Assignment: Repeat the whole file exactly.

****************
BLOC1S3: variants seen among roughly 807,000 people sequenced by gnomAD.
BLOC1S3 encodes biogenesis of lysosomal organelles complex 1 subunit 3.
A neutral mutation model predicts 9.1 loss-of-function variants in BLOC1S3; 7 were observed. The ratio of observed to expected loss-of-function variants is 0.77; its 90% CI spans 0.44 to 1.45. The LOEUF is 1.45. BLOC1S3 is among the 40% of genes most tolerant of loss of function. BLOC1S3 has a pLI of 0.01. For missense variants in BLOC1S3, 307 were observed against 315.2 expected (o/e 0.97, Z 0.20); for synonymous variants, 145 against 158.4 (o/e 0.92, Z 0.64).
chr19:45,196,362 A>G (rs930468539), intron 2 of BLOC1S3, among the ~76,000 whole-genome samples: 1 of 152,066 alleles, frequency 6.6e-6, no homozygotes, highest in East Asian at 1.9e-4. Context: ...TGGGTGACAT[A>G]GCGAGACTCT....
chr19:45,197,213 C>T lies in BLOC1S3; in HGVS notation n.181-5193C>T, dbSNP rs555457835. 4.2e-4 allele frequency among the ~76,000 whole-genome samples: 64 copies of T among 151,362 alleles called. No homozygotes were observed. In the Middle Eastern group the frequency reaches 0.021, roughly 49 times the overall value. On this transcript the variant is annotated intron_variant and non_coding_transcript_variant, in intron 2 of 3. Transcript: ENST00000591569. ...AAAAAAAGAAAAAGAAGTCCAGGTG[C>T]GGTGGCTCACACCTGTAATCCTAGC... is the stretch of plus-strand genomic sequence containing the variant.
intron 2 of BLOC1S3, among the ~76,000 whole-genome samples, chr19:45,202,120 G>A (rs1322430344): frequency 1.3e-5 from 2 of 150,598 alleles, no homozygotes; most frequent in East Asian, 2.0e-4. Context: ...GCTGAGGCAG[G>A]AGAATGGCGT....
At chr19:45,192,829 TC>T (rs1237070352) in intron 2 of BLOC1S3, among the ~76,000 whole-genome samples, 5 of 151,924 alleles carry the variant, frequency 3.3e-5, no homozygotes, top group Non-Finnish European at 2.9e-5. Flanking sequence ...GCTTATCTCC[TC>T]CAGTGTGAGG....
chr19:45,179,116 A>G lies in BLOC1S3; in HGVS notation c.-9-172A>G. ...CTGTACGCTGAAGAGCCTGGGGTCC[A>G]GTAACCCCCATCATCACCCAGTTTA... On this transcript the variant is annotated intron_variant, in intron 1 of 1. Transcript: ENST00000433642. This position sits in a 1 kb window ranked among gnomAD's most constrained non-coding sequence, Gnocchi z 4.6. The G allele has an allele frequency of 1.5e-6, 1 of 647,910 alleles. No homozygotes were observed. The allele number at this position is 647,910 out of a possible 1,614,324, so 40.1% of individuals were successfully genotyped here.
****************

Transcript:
BLOC1S3: variants seen among roughly 807,000 people sequenced by gnomAD.
BLOC1S3 encodes biogenesis of lysosomal organelles complex 1 subunit 3.
A neutral mutation model predicts 9.1 loss-of-function variants in BLOC1S3; 7 were observed. The ratio of observed to expected loss-of-function variants is 0.77; its 90% CI spans 0.44 to 1.45. The LOEUF is 1.45. BLOC1S3 is among the 40% of genes most tolerant of loss of function. BLOC1S3 has a pLI of 0.01. For missense variants in BLOC1S3, 307 were observed against 315.2 expected (o/e 0.97, Z 0.20); for synonymous variants, 145 against 158.4 (o/e 0.92, Z 0.64).
chr19:45,196,362 A>G (rs930468539), intron 2 of BLOC1S3, among the ~76,000 whole-genome samples: 1 of 152,066 alleles, frequency 6.6e-6, no homozygotes, highest in East Asian at 1.9e-4. Context: ...TGGGTGACAT[A>G]GCGAGACTCT....
chr19:45,197,213 C>T lies in BLOC1S3; in HGVS notation n.181-5193C>T, dbSNP rs555457835. 4.2e-4 allele frequency among the ~76,000 whole-genome samples: 64 copies of T among 151,362 alleles called. No homozygotes were observed. In the Middle Eastern group the frequency reaches 0.021, roughly 49 times the overall value. On this transcript the variant is annotated intron_variant and non_coding_transcript_variant, in intron 2 of 3. Transcript: ENST00000591569. ...AAAAAAAGAAAAAGAAGTCCAGGTG[C>T]GGTGGCTCACACCTGTAATCCTAGC... is the stretch of plus-strand genomic sequence containing the variant.
intron 2 of BLOC1S3, among the ~76,000 whole-genome samples, chr19:45,202,120 G>A (rs1322430344): frequency 1.3e-5 from 2 of 150,598 alleles, no homozygotes; most frequent in East Asian, 2.0e-4. Context: ...GCTGAGGCAG[G>A]AGAATGGCGT....
At chr19:45,192,829 TC>T (rs1237070352) in intron 2 of BLOC1S3, among the ~76,000 whole-genome samples, 5 of 151,924 alleles carry the variant, frequency 3.3e-5, no homozygotes, top group Non-Finnish European at 2.9e-5. Flanking sequence ...GCTTATCTCC[TC>T]CAGTGTGAGG....
chr19:45,179,116 A>G lies in BLOC1S3; in HGVS notation c.-9-172A>G. ...CTGTACGCTGAAGAGCCTGGGGTCC[A>G]GTAACCCCCATCATCACCCAGTTTA... On this transcript the variant is annotated intron_variant, in intron 1 of 1. Transcript: ENST00000433642. This position sits in a 1 kb window ranked among gnomAD's most constrained non-coding sequence, Gnocchi z 4.6. The G allele has an allele frequency of 1.5e-6, 1 of 647,910 alleles. No homozygotes were observed. The allele number at this position is 647,910 out of a possible 1,614,324, so 40.1% of individuals were successfully genotyped here.